22

I'm trying to make a quicklist on the Workspace Switcher launcher that allows for quick switching to a certain workspace. (My friend sometimes uses my computer and just doesn't enjoy keyboard shortcuts, so I want to help him out.)

So is there a command one could type in a terminal that would force a certain workspace to be focused on?

  • Also there is a possibility to set keyboard shortcut on systemsettings5 for kwin (switch desktop or else) or other desktop settings manager. then use xdotool to simulate the shortcut keys like xdotool key ctrl+alt+b; – intika Apr 22 '19 at 1:45
35

You can use wmctrl.

Basics commands:
wmctrl -d to show all of your workspaces.
wmctrl -s <workspace_name> to change to a specific workspace.

If you are using Compiz, you will have to do a trick because Compiz "workspaces" are actually Viewports of a single Workspace.

Trick Instructions

Check the output of wmctrl -d For example, mine is:

0  * DG: 4098x2304  VP: 1366,0  WA: 0,23 1366x745  N/A  

This means that actually I have one Workspace of 4098 x 2304 instead of what I "think" I have (nine "workspaces", 3 x 3).
I was at what was supposed to be "workspace" 2, but actually I was at viewport (VP) 1366,0 (4098 / 3 = 1366) as showed by the output above.

So this is how it works: we take the whole Workspace and divide for the numbers of "workspaces" we "think" we have. In my case: 4098 / 3 = 1366 and 2304 / 3 = 768.

If I want to go to my "workspace" 1, the command is:

wmctrl -o 0,0

Then, if I want to go to my "workspace" 4, the command is:

wmctrl -o 0,768

If I want to go to my "workspace" 8, the command is:

wmctrl -o 1366,1536

If I want to go to my "workspace" 9, the command is:

wmctrl -o 2732,1536

Got it? ;-)

The -o flag "truncates" their values. In other words it changes the "workspace" where the actual pixel is belonging to. The following are equivalent:

wmctrl -o 0,0
wmctrl -o 1365,767
  • 1
    Is there a way to get to "the current desktop + 1"? – xjcl Apr 3 '19 at 20:13
9

It is beautifully simple to achieve what you want with xdotool, which has multiple options for managing different workspaces (also known as 'desktops' within the program documentation). I find it can be very interesting and creative to string together commands from man xdotool; the commands I have formulated below might be useful in scripts.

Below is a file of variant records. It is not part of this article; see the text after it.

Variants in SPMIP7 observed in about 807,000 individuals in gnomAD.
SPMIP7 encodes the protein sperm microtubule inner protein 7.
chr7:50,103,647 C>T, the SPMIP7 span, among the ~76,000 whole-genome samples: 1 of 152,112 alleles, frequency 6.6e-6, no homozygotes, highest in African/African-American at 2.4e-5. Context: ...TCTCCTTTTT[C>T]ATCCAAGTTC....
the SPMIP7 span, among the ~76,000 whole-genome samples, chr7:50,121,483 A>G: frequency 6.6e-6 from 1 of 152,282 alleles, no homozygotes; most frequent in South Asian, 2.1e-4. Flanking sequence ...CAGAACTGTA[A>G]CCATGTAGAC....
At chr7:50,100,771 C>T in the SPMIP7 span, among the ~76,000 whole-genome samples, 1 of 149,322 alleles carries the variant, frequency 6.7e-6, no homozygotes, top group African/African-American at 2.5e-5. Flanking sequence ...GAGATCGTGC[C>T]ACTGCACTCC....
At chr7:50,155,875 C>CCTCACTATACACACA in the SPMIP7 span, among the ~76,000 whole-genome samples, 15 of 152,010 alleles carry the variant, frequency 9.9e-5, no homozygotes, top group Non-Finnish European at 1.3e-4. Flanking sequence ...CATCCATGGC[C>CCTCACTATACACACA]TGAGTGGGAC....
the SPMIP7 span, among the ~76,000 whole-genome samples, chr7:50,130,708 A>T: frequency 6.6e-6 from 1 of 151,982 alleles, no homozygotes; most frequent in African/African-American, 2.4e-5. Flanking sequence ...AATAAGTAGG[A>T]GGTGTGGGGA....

Note: With some window managers, or if you are using compiz, you may need to use xdotool commands such as set_desktop_viewport and get_desktop_viewport. You may have to specify the commands in a different way like desgua suggests above, but for me the set_desktop and set_desktop_for_window commands proved most useful on a non-compiz system.)

(The solution is most useful for Xubuntu/Lubuntu users, or those who are not running compiz,etc.)

To list the number of current workspaces, enter

xdotool get_num_desktops

The following commands will only work if you have at least 1 other workspace.

To change focus to your workspace 1, just enter

xdotool set_desktop 1 

Then to return to the default workspace, enter

xdotool set_desktop 0

The workspace just needs to be specified as the last value in the command (1 or 2 or 3, etc).

To find the number of the workspace you are currently on, you could use

xdotool get_desktop

These commands could be used in scripts and they should be very useful for achieving what you what.

For how to switch applications to a particular desktop, see my answer here:

For more useful options available for workspace switching, consult man xdotool.

  • I like this answer better than the accepted one, thank you. I used this to set two hot corners to easily switch between two workspaces. – timetofly Aug 8 '13 at 20:00